The alarm is set for 5:30 AM, dress quickly and walk out on the balcony. We are passing under the new highway bridge. Way ahead of schedule. No time for breakfast, the first stop is the helipad just down the hall from our cabin. Already occupied by many passengers, we find a good viewing spot as we approach the entrance to the first lock.
The locks work as smoothly today as they did over 100 years ago when the canal first opened. I don't see any ships heading west in front of us, but there is a steady stream of vessels heading east. Considering they are exiting to the caribbean at 6 or 7 in the morning, they must have made the transit in darkness.
The new locks have been open for several years, Much more efficient from both a labor and water conservation viewpoint, able to handle much larger ships, but only able to transit 15 ships a day. Some of the largest container ships pay over a million dollars to transit. A lot of money, but still a great savings over sailing around South America. Just helps to give perspective to the cost of ships waiting for days to unload at many ports.
The old locks can handle just over 40 ships per day. Conversations have already begun on adding another set of even larger locks.
We complete our transit over an hour ahead of schedule and move to a holding area in Gantun lake to await our return to Colon later in the day.
Our shore excursion to Panama city is about an hour late in departing despite our early arrival.
As is customary on Holland America, all excursions first gather in the theater to get number stickers, and then each group leaves the theater together to either go to the gangway or board a tender.
Today we tender to shore, board a bus, and are driven over one of the gates of the new locks. A very large container ship is in the lock as we pass by. Probably the scheduling of gate closure for the lock is what determined our excursion departure time.
The countryside is what one would expect. Hilly with lots of vegetation, and very sparsely populated.
We arrive in Panama City and drive through several sections of both the new and the old cities. View ruins of the oldest bridge and remnants of ancient buildings.
Panama City is nothing like what I anticipated. Yes there are modern skyscrapers, all built since the US returned the canal zone to Panama just over 20 years ago, and a lite rail system still under construction. What I did not expect was the dirtiest city I have ever visited. Garbage and trash everywhere. In the streets, the alley ways, in the few open spaces, and even on the balconies of apartment buildings. Trash and garbage is just strewn everywhere. The filthiest cities of medevil times, when there was no sanitation may have been cleaner.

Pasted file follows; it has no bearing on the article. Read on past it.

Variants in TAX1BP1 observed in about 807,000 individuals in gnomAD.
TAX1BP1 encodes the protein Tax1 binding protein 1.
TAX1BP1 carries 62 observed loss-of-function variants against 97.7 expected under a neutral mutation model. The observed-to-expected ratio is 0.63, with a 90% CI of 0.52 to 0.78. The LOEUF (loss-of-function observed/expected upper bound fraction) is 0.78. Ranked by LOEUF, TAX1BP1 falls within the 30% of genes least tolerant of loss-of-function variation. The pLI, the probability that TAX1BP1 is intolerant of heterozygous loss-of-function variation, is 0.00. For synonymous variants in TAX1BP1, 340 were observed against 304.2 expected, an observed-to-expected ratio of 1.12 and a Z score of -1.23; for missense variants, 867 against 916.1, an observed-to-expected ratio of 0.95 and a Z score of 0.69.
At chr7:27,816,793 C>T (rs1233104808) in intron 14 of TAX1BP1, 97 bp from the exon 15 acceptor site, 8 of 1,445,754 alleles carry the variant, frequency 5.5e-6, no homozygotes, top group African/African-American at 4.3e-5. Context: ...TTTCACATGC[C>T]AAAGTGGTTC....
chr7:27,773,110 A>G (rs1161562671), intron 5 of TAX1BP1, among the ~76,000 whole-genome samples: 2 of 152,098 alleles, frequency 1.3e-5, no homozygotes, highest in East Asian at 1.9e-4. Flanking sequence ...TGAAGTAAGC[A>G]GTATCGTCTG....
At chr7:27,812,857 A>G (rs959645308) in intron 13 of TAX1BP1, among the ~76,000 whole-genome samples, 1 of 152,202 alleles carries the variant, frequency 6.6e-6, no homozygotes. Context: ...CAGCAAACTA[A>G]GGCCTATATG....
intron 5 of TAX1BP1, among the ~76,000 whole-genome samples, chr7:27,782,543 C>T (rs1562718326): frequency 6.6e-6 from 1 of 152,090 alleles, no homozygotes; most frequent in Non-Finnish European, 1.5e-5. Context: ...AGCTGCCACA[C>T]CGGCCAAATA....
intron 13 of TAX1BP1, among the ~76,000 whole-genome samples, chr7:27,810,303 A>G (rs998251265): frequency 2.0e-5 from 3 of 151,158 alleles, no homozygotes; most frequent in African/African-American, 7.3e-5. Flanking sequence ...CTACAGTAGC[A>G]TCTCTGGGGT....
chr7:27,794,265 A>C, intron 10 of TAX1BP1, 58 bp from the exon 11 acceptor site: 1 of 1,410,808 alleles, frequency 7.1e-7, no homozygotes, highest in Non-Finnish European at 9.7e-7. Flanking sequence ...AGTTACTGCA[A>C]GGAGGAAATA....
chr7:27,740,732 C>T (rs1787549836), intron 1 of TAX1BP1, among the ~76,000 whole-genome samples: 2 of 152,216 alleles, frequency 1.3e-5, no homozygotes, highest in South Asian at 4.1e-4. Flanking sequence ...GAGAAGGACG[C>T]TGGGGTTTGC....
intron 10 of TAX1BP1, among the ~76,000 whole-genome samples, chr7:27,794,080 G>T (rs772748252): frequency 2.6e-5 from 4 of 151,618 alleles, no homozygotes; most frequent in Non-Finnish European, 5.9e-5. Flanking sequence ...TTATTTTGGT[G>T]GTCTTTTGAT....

Just to disappoint me a little more, Holland described part of the tour as "a leisure 45 minute, half mile walk" thru the old city, a UNESCO site. Well the half mile was more like a mile and a half, and the 45 minutes wasn't even close. The guide kept changing his mind about where we were going. Oh well you win some and you loose some. For sure though, I have zero desire to ever return to Panama City, Panama,
The tour ends in Colon at the pier of our awaiting ship.
In a process that makes no sense, after the customary walking past all the shops, Panama customs makes a copy of our passport and photographs evey passenger as we prepare to leave the county. It appears they are more concerned about who leaves Panama than they are who comes into the country. There was no check at all as we entered the country. Strange, but thier country thier rules.
With returning so late, we skip the dining room and head to the buffet. Many other passengers have the same idea. We finish in time to catch a new comedy act. Good, but not as good as the previous comedian.
At the beginning of the cruise we were given notice that there was a film crew from London on board. A young group of of about eight with at least three cameras. The first time I spotted them was as we were going thru the locks, yes, I avoided them, never had any desire to be on TV or film.
Our next port is Puerto Limon, Costa Rica. Our arrival time is scheduled for 7:00 AM with a shore excursion leaving at 7:15. The alarm is set for 6:00. The seas are very slight as we leave Colon and head North after a long day.